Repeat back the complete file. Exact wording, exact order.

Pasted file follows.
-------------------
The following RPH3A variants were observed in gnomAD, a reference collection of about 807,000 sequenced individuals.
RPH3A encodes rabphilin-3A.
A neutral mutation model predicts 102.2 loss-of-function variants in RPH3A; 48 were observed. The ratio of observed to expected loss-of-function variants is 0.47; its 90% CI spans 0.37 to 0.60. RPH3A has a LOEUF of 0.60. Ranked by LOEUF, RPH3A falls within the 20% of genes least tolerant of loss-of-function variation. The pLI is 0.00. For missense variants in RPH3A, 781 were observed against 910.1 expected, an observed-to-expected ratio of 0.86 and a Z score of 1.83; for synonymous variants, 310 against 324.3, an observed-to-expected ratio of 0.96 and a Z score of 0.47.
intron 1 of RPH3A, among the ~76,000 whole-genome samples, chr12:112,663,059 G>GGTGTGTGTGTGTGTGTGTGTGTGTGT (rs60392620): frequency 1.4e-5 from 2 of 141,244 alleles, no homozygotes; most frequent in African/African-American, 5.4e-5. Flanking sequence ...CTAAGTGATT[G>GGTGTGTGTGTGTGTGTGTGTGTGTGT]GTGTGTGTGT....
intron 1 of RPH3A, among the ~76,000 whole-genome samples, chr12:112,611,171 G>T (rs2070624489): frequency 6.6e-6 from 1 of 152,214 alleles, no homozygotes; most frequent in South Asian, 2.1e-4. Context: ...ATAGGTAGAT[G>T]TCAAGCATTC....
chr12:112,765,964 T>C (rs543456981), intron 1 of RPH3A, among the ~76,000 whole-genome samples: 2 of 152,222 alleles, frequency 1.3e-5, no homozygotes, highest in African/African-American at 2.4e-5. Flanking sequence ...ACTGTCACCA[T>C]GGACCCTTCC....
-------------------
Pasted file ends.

The following RPH3A variants were observed in gnomAD, a reference collection of about 807,000 sequenced individuals.
RPH3A encodes rabphilin-3A.
A neutral mutation model predicts 102.2 loss-of-function variants in RPH3A; 48 were observed. The ratio of observed to expected loss-of-function variants is 0.47; its 90% CI spans 0.37 to 0.60. RPH3A has a LOEUF of 0.60. Ranked by LOEUF, RPH3A falls within the 20% of genes least tolerant of loss-of-function variation. The pLI is 0.00. For missense variants in RPH3A, 781 were observed against 910.1 expected, an observed-to-expected ratio of 0.86 and a Z score of 1.83; for synonymous variants, 310 against 324.3, an observed-to-expected ratio of 0.96 and a Z score of 0.47.
intron 1 of RPH3A, among the ~76,000 whole-genome samples, chr12:112,663,059 G>GGTGTGTGTGTGTGTGTGTGTGTGTGT (rs60392620): frequency 1.4e-5 from 2 of 141,244 alleles, no homozygotes; most frequent in African/African-American, 5.4e-5. Flanking sequence ...CTAAGTGATT[G>GGTGTGTGTGTGTGTGTGTGTGTGTGT]GTGTGTGTGT....
intron 1 of RPH3A, among the ~76,000 whole-genome samples, chr12:112,611,171 G>T (rs2070624489): frequency 6.6e-6 from 1 of 152,214 alleles, no homozygotes; most frequent in South Asian, 2.1e-4. Context: ...ATAGGTAGAT[G>T]TCAAGCATTC....
chr12:112,765,964 T>C (rs543456981), intron 1 of RPH3A, among the ~76,000 whole-genome samples: 2 of 152,222 alleles, frequency 1.3e-5, no homozygotes, highest in African/African-American at 2.4e-5. Flanking sequence ...ACTGTCACCA[T>C]GGACCCTTCC....